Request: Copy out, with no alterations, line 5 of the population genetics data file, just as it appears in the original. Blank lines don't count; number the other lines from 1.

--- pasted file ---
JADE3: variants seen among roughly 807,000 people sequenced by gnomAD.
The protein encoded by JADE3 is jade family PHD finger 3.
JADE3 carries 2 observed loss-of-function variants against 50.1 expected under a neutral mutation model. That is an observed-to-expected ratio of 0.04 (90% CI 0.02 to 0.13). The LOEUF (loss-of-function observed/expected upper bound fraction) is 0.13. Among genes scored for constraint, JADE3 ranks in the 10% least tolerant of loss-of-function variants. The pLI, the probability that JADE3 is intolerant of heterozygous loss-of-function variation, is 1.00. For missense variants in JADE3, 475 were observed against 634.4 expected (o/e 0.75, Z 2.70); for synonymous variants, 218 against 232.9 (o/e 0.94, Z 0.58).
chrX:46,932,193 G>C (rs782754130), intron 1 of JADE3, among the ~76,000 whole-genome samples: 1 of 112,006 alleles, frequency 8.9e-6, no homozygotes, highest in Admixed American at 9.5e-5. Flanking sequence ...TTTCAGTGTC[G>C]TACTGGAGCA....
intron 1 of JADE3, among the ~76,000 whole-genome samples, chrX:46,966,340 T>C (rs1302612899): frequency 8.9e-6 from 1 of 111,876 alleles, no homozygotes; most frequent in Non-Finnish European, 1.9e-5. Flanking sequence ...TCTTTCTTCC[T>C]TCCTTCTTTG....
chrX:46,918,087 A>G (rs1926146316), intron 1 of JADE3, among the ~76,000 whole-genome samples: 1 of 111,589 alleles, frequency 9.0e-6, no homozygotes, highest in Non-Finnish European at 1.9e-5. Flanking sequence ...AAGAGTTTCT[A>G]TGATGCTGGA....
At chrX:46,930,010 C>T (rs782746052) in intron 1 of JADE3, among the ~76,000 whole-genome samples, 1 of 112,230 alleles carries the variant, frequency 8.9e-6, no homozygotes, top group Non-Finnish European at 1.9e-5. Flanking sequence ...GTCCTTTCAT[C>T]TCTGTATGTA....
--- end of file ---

intron 1 of JADE3, among the ~76,000 whole-genome samples, chrX:46,966,340 T>C (rs1302612899): frequency 8.9e-6 from 1 of 111,876 alleles, no homozygotes; most frequent in Non-Finnish European, 1.9e-5. Flanking sequence ...TCTTTCTTCC[T>C]TCCTTCTTTG....